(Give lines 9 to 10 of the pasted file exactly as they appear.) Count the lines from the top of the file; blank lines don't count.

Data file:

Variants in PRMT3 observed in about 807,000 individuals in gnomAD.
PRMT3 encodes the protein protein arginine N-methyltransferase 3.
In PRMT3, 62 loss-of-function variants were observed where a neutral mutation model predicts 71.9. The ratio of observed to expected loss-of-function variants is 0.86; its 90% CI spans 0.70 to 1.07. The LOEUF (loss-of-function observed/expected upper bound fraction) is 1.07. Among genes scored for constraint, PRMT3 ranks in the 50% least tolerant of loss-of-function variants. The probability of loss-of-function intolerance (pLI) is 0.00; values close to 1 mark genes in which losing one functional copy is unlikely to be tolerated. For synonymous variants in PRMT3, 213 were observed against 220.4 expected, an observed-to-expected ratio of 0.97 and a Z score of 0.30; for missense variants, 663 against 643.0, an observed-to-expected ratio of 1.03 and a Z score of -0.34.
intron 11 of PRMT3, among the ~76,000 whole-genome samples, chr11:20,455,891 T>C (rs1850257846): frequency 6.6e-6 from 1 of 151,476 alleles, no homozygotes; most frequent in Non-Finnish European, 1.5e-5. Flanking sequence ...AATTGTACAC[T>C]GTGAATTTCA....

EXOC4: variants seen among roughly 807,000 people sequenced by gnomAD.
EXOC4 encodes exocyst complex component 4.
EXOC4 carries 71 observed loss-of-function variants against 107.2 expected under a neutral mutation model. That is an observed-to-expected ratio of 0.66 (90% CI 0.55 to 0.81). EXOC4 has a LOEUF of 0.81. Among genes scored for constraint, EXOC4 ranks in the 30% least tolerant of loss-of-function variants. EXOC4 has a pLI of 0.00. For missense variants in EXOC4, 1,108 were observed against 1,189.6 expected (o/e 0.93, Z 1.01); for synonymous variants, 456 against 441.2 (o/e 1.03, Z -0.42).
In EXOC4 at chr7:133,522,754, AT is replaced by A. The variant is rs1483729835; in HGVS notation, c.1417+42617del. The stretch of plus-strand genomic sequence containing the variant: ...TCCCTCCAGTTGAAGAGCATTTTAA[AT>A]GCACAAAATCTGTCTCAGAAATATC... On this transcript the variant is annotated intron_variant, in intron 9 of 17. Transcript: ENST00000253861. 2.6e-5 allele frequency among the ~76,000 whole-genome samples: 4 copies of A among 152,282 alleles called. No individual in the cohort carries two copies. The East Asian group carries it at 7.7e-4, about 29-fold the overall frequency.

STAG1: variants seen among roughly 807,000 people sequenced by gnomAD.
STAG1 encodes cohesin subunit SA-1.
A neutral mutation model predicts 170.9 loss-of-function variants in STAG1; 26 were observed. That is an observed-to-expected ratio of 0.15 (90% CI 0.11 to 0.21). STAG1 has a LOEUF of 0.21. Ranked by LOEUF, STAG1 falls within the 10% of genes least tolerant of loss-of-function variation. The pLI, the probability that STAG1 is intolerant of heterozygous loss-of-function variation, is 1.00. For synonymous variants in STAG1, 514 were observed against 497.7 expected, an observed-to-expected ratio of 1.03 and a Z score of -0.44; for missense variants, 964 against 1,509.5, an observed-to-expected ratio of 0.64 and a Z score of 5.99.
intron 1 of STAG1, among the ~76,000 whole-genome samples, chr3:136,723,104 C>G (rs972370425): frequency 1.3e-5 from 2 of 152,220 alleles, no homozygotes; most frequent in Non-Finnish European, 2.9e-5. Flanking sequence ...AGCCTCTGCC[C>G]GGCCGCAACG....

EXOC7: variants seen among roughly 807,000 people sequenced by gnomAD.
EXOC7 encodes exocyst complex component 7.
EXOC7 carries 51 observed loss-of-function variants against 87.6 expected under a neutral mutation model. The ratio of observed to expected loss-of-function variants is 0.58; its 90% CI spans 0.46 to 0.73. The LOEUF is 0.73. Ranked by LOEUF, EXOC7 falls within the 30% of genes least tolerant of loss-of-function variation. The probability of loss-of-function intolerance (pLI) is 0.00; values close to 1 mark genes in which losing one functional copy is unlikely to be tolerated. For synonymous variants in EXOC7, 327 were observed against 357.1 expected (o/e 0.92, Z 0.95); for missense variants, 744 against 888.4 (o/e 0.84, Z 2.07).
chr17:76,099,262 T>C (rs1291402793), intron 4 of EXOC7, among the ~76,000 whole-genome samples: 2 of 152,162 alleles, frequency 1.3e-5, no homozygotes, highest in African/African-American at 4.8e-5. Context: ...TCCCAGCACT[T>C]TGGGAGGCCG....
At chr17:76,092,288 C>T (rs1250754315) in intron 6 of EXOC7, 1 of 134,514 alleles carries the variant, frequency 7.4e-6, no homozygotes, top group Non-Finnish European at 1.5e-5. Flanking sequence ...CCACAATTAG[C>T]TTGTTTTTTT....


STAG1: variants seen among roughly 807,000 people sequenced by gnomAD.
STAG1 encodes cohesin subunit SA-1.